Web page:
Please consider digging a deeper pond in this new year — deep enough that you don’t have to bring them in.
 

Jhn

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Agree, with Mmathis the only shot you have is dividing them up in to separate tanks or tubs. The cloudiness in the tank is a bacterial bloom and the red streaking on the fins, hovering at the surface is a sign of ammonia poisoning. Water changes, adding prime or some other type of ammonia binding product May help until you get the fish separated. most Bacteria in a bottle is useless, one of the few I know of that is truly beneficial is fritz-zyme, that can help with the cycling process, which is what is happening in your tank along with it being overloaded with fish.

Hope your fish aren’t too far gone to save.
 

JRS

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I would stop feeding for at least a week, do partial water changes of at least 30%, daily is not too much initially, until you get the water quality under control. If the plants are not doing good, they can add to the waste load on the tank. I would invest in a Python water changing system which makes large water changes much easier than the bucket brigade.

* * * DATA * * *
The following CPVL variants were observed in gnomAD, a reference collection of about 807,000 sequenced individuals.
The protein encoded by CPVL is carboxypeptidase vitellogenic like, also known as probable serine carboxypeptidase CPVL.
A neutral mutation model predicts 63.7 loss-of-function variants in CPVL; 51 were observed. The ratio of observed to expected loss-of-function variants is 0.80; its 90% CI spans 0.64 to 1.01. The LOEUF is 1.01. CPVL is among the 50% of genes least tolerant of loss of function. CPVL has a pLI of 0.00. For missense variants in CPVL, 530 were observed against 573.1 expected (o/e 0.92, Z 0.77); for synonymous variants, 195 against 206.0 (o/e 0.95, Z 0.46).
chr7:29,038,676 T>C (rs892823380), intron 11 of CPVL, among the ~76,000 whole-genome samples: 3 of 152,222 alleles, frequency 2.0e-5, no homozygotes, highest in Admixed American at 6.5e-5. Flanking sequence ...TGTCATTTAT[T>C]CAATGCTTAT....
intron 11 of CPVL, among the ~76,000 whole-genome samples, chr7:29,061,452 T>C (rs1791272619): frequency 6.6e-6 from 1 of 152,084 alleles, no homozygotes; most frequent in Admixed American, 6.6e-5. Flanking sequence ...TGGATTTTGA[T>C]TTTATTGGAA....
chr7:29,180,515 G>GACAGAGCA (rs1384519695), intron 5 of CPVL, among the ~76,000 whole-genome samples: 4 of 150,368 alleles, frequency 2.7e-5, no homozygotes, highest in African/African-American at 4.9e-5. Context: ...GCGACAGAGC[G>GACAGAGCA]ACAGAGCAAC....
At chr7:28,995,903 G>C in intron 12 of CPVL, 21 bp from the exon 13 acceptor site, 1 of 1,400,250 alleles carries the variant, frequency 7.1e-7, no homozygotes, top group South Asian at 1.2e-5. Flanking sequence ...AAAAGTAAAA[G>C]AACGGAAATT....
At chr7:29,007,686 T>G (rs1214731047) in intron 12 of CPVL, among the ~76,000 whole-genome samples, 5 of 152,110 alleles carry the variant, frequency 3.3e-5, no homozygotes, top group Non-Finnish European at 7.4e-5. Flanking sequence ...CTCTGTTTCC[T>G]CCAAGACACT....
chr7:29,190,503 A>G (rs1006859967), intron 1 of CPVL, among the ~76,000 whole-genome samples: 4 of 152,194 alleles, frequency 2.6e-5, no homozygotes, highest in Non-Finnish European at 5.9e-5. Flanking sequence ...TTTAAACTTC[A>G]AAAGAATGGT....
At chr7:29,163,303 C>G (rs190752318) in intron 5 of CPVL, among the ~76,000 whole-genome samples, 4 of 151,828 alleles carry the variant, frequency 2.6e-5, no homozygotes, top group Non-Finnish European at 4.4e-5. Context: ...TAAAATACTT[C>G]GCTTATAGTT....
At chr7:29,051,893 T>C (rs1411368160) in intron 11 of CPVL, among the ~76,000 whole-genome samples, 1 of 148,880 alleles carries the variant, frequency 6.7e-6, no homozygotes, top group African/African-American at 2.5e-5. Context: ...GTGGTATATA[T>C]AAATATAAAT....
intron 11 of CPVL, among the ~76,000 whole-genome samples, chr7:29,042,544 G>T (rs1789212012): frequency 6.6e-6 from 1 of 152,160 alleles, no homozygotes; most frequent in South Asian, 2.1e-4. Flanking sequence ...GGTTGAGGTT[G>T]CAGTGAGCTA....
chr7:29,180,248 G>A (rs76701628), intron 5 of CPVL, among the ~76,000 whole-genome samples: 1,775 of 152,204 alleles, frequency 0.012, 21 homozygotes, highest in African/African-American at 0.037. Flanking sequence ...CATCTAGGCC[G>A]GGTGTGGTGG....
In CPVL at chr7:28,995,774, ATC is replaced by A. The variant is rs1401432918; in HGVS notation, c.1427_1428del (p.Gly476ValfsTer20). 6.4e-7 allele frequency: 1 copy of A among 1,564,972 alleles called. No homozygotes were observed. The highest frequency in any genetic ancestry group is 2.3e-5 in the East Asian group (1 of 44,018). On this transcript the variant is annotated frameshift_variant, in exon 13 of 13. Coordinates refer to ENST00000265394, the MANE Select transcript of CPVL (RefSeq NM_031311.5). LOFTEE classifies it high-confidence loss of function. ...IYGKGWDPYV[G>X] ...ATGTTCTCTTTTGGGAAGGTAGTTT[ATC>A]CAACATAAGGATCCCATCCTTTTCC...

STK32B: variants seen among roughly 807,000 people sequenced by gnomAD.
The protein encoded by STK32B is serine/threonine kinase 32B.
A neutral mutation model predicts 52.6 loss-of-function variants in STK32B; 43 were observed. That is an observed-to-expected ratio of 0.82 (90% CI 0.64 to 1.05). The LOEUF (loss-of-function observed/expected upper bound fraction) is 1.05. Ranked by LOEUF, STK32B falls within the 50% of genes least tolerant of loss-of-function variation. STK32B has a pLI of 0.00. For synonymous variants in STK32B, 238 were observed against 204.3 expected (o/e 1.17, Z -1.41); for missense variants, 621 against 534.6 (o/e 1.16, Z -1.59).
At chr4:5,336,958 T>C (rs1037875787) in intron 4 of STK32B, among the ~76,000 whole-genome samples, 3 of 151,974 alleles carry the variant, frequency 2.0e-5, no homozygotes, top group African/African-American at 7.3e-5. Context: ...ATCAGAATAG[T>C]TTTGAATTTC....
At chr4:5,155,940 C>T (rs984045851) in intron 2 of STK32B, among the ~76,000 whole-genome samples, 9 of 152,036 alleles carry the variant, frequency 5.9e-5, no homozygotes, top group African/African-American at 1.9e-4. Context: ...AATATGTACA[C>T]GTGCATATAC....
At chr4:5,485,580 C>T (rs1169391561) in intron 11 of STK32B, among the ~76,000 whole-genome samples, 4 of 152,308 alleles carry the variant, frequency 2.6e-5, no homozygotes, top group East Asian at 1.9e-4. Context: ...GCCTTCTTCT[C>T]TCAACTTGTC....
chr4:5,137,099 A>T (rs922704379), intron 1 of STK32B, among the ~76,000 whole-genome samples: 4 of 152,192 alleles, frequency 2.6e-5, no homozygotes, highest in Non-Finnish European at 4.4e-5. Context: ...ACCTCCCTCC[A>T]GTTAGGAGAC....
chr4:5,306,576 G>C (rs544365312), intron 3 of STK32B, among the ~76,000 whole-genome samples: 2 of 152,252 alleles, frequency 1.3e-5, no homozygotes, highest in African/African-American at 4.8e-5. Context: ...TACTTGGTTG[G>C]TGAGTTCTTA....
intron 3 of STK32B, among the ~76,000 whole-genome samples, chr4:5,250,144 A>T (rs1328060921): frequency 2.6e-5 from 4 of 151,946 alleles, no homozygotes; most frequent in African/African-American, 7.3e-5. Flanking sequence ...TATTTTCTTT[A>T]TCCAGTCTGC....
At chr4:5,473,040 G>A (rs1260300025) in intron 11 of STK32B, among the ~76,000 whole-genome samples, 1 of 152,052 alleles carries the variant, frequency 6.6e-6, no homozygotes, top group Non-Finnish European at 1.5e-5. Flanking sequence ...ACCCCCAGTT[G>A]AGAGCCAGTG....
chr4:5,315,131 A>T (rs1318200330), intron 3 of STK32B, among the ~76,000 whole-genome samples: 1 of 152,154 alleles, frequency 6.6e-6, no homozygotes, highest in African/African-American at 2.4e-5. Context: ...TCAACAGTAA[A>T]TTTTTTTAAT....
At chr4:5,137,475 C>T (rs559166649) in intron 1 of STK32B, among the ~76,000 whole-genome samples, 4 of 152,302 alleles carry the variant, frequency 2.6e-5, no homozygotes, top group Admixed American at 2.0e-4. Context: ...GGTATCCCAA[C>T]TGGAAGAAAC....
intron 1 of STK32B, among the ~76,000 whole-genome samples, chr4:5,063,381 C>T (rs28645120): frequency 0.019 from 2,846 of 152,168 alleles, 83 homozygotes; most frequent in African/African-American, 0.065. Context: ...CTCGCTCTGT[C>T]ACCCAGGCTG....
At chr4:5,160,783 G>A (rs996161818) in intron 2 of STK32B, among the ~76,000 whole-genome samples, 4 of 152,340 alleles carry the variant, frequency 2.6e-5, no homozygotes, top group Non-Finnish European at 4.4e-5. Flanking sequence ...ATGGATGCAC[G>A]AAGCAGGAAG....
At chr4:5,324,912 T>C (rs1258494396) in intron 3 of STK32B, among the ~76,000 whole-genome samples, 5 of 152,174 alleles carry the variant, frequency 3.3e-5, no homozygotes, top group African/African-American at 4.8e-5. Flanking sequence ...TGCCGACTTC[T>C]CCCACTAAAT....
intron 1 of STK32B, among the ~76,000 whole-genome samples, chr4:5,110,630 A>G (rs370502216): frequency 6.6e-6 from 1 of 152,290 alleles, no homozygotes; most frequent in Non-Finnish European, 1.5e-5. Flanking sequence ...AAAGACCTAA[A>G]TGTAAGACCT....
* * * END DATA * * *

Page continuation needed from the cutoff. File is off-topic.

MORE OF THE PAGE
HOB filters typically do better in lightly stocked tanks due to the limited surface area of the media. Putting sponges on the intakes as prefilters can help and adds surface area for additional biological capacity. With heavy stocking like you have you need regular water changes at the very least to stay in balance. A large canister filter (or two) with substantial media chambers and high flow like an Eheim 2217 or Filstar XP3 would be a good investment if you plan on this setup long term.

I prefer bare bottom tanks for over wintering, especially with that many fish, it help the filters remove waste, any that is left can easily be siphoned off the bottom. I also like to keep something live in the tank off season to keep the biological filters active.

With that many large fish, over filtration, regular substantial water changes and light feeding are the key to good water quality.
 
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With that many large fish, over filtration, regular substantial water changes and light feeding are the key to good water quality.
However at some point, it's simply too many fish for the tank. I think that's the situation here. I didn't keep track of the number but this sounds like too many fish for a 900 gallon pond to me.

Sorry for your troubles @Ralph Parker . Your fish should be able to survive in your pond. Maybe tell us a bit more about your set up and we can figure out what's happening outside.
 
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Mmathis